Hilary Swank has just been cast in a role she’ll begin in a few short months. At the age of 48, the actress recently announced that she is a mother-to-be. To top it off, she’s going to have twins! This is undoubtedly amazing news, but it does raise some questions about the accessibility of having a child later in life.
The Next Karate Kids
On October 5, 2022, the star of The Next Karate Kid announced on Good Morning America that she would be having her own karate kid—make that two karate kids. The actress is expecting twins with her husband, Philip Schneider. As Swank shared on the show, “This is something that I’ve been wanting for a long time and my next thing is I’m gonna be a mom. And not just of one, but of two. I can’t believe it. It’s so nice to be able to talk about it and share it.”
As the award-winning actress made the rounds in sharing her good news, her next stop was Live with Kelly and Ryan. Swank went on to share that twins run in her husband’s family and that they’re both thrilled to be expecting. Plus, Swank is excited to see what’s next as she becomes a mother. As she remarked, “It’s such a blessing. It’s a total miracle. It’s unbelievable.”
RELATED: How And When Did The #MeToo Movement Really Start? (Hint: It Was Longer Than Five Years Ago)
The day following her surprising announcement, Swank went on The Drew Barrymore Show and disclosed even more about her pregnancy. Turns out, the children’s due date has significant meaning to the Million Dollar Baby star. During the interview, Barrymore pointed out, “You just announced that your father has passed away one year ago and this miracle is happening.” In response, Swank shared, “Yeah and they are due on his birthday.” Of course the host’s jaw dropped open, astonished by the remarkable news.
Swank has publicly shared her desire to be a mother for some time now. It’s no surprise that she and her husband have been trying to have children. However, as we celebrate the miracle of childbirth and Swank’s miracle babies, we’re also reminded of all the not-so-hidden costs of having a child in America.
The Not-So-Hidden Price Of Having A Baby
Let’s be real. Children are expensive, regardless of how you choose to have them. Whether you go the traditional route, adopt, or use IVF or other fertility treatments, having a baby is going to cost you.
Even for people who go the traditional route of conceiving a child through intercourse, the average childbirth still costs thousands of dollars. Although insurance covers most childbirth costs, a 2020 study by the Kaiser Family Foundation found that out-of-pocket costs are still an average of about $2,850. Without insurance, the average cost of childbirth in the US is a whopping $18,865.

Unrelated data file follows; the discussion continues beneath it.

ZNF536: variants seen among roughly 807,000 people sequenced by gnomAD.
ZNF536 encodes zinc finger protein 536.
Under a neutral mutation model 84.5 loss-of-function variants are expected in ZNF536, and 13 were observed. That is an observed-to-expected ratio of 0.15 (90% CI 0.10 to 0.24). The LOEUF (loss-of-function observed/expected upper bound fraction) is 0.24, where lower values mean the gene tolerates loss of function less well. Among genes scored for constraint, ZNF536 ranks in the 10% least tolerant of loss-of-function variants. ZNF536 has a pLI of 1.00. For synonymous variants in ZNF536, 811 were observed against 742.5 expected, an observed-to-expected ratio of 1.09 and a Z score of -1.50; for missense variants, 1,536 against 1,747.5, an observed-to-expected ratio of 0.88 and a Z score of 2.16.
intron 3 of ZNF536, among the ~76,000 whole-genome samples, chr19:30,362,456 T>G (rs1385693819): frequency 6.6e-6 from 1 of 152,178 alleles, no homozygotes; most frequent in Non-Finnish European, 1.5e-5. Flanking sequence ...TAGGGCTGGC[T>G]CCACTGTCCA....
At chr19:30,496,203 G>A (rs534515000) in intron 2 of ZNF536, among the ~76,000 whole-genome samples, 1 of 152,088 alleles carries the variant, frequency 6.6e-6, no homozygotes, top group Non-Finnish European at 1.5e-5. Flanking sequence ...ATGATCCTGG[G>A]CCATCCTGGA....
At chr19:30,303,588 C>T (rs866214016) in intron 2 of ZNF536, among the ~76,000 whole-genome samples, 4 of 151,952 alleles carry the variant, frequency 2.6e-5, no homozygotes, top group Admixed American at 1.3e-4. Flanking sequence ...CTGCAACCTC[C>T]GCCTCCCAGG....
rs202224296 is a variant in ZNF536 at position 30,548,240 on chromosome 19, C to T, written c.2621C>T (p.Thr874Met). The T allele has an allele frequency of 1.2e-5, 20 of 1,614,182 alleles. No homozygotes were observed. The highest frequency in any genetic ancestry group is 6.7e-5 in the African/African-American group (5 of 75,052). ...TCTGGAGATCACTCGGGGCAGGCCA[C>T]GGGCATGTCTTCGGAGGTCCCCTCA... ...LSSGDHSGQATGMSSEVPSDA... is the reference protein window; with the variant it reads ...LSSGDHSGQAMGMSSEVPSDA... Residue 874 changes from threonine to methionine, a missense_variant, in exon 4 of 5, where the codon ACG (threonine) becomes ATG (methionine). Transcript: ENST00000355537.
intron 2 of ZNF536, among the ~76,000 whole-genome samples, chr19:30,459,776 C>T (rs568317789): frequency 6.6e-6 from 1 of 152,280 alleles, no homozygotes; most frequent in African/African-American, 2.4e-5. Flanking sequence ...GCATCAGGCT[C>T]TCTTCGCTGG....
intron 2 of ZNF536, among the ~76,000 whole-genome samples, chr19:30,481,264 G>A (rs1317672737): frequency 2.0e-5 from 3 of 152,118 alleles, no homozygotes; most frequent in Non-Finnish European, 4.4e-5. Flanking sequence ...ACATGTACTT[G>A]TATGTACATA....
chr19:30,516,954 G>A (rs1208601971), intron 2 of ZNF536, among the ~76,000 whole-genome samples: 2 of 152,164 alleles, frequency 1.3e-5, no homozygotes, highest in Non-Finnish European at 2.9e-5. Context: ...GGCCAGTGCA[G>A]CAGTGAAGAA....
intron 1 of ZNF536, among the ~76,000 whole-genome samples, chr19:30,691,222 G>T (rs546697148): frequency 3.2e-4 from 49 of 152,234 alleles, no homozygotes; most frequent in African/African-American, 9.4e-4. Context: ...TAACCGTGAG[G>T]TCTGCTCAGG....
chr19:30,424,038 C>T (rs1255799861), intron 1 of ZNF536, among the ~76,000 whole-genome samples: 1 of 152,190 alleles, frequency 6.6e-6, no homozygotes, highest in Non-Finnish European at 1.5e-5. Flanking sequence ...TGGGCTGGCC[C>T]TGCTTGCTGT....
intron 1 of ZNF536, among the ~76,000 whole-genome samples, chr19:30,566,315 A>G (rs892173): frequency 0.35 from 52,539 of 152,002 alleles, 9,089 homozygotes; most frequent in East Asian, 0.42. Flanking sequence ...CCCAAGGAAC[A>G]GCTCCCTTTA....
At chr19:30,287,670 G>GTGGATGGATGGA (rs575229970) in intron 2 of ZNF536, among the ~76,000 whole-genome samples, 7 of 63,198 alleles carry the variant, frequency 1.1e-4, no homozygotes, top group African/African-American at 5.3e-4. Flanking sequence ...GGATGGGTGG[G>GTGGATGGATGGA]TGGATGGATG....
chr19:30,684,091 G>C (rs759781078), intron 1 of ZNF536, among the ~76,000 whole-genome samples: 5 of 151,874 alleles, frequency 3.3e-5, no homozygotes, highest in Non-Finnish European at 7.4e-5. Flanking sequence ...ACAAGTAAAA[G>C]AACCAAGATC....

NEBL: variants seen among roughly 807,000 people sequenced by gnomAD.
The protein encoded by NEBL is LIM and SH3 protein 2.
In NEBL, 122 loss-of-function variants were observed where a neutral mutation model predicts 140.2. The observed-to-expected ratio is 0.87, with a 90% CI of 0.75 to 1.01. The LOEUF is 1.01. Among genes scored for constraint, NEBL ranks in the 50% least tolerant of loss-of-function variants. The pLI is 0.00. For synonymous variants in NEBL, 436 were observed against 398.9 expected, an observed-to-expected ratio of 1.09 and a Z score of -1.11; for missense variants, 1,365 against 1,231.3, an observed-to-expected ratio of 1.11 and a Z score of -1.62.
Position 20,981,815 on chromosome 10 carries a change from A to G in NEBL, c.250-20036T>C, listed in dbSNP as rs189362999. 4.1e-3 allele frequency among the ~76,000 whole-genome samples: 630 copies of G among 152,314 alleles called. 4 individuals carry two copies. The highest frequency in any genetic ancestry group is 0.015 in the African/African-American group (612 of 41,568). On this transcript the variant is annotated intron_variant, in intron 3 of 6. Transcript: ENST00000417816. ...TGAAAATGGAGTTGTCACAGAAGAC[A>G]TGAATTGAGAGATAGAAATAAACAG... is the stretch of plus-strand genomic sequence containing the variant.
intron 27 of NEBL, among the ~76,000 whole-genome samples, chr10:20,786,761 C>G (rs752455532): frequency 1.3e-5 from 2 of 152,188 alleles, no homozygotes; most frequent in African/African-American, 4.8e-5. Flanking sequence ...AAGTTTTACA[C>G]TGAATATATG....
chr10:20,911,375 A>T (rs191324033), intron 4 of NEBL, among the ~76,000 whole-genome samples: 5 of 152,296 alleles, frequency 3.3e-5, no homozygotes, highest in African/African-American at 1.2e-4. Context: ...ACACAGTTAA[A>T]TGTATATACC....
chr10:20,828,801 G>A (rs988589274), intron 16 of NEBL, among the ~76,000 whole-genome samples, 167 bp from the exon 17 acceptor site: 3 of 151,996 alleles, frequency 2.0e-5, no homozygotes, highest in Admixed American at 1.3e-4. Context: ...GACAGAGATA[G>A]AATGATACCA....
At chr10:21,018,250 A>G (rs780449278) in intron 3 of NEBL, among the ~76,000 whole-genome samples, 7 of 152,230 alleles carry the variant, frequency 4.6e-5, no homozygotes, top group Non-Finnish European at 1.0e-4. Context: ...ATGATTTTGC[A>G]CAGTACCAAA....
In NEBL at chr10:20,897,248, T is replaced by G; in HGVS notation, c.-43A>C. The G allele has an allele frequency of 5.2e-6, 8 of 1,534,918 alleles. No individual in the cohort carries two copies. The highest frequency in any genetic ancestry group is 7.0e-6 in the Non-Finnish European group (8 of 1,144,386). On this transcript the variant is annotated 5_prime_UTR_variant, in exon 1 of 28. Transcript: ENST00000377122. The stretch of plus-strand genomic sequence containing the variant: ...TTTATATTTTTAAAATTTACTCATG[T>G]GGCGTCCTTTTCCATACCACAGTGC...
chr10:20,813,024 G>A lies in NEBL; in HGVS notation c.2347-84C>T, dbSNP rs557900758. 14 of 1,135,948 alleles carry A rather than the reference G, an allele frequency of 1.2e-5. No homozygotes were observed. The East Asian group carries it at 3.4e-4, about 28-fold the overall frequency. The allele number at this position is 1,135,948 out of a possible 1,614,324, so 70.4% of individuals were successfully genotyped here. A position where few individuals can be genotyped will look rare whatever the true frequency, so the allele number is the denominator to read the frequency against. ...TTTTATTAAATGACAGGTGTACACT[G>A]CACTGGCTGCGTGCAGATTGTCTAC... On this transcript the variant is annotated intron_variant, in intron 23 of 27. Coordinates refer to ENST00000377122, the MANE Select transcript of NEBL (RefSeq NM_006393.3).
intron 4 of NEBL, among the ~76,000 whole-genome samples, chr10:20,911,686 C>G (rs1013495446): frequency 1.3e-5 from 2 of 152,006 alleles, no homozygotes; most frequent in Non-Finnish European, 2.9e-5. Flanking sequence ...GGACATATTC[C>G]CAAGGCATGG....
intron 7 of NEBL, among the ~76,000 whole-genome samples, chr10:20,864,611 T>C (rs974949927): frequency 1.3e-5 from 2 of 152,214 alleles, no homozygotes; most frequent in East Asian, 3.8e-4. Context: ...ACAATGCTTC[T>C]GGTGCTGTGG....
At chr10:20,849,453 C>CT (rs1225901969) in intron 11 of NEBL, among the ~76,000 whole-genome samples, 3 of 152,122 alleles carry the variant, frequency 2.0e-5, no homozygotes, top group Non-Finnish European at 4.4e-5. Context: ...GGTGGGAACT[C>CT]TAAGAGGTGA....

However, not all people want to or are able to conceive through conventional means. The reasons individuals and couples choose to go a different route vary greatly. For those who choose to undergo fertility treatments, it will cost thousands just to get pregnant. The average egg donation and embryo creation both cost between $20,000 and $30,000. The average IVF cycle with medication can cost anywhere from $15,000 to $30,000—with no guarantee of return on investment!
Those who seek other nontraditional paths such as adoption will still pay a pretty penny. According to the U.S. Department of Health and Human Services, the average cost of adopting a child in America is between $20,000 and $45,000.
Lastly, if you’re thinking about surrogacy, you should have a sizable nest egg in the bank. Surrogacy is one of the most expensive ways to have a child. On average, the entire cost to have a child through surrogacy in the US ranges from $100,000 to $200,000.
Are Nontraditional Options Accessible To All?
These costs aren’t meant to scare or dissuade you from having a child. Most parents will say the experience of holding that little one in their arms for the first time is simply priceless. For those who decide to go the nontraditional route of having a family (myself included), the cost is often factored in when making the decision that’s best for you and your family. Plus with crowdfunding, grants, and other ways to mitigate the cost, you most likely won’t pay the full amount out of pocket.
RELATED: Here’s Why Marisa Tomei Feels Complete Without A Husband Or Children
Regardless of how you choose to have a child, it’s going to be expensive. The question is, are IVF treatments, surrogacy, adoption, and other nontraditional paths accessible and affordable for most people? Cost is a factor for most people in the United States. Are these options only available to celebrities, the wealthy, or people with good insurance? If most people are priced out of having children they’re unable to conceive, are nontraditional paths to having a children restricted only to people with privilege?